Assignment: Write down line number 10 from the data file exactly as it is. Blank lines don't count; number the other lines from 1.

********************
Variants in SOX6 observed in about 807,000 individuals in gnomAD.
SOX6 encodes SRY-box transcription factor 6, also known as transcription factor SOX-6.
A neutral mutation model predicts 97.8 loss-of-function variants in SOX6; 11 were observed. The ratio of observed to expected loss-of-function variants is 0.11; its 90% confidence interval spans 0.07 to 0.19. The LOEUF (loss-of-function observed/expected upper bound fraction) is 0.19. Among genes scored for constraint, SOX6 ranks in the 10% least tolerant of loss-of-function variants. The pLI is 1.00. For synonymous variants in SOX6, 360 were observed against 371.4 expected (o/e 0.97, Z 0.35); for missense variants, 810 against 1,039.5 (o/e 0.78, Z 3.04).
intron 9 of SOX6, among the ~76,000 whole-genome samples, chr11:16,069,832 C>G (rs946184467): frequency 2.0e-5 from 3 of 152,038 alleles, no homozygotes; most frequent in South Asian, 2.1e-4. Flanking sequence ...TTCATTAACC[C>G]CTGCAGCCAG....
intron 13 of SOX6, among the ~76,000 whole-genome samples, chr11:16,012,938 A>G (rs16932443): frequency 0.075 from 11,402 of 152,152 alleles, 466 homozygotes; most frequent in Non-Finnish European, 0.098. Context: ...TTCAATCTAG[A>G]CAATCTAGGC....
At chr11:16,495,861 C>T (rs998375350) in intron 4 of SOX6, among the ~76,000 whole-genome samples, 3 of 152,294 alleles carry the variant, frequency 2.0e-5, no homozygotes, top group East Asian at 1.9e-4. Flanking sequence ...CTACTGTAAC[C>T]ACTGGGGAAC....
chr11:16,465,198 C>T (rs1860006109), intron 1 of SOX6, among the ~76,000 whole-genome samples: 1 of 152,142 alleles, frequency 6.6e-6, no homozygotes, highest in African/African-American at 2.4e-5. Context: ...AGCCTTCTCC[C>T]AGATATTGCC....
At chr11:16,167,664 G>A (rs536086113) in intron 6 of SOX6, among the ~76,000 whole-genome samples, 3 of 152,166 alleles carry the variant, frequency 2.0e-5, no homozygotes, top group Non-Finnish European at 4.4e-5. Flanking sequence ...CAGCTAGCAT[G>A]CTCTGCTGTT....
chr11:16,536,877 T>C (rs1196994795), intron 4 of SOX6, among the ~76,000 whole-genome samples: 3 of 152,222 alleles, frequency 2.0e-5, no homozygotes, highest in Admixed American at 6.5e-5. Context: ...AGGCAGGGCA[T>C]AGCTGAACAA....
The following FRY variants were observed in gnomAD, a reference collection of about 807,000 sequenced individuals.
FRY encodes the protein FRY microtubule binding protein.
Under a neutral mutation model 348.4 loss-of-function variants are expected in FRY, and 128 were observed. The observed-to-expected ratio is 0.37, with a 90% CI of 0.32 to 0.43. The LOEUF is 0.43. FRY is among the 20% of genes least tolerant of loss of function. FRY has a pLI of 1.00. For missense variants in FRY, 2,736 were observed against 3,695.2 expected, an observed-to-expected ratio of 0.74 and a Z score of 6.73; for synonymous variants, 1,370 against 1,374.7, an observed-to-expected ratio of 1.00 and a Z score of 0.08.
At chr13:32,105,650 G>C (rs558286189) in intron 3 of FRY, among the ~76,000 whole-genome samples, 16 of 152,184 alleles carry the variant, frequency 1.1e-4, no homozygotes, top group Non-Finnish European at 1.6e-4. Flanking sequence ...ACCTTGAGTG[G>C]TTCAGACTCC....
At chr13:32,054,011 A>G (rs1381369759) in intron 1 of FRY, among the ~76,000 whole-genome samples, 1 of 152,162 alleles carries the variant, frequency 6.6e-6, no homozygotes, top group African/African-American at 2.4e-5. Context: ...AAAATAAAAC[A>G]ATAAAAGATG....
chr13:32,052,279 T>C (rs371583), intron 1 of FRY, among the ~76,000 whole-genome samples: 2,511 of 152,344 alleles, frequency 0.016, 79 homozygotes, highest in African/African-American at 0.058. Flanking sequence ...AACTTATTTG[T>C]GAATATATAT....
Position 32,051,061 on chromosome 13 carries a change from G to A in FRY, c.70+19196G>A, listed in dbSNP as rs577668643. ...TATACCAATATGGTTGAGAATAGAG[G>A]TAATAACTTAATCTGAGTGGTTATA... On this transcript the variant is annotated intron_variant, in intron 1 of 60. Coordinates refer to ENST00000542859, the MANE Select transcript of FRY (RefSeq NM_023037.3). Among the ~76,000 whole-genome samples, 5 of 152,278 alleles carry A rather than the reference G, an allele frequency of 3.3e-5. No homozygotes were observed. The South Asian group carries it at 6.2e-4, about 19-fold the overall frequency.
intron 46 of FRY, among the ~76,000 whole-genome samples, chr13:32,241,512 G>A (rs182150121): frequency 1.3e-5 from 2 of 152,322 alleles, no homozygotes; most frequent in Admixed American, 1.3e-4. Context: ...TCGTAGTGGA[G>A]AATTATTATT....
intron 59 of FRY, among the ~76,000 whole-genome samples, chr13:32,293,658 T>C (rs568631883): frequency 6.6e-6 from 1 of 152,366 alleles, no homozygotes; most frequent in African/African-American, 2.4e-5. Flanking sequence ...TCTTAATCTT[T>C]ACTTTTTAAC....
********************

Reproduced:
The following FRY variants were observed in gnomAD, a reference collection of about 807,000 sequenced individuals.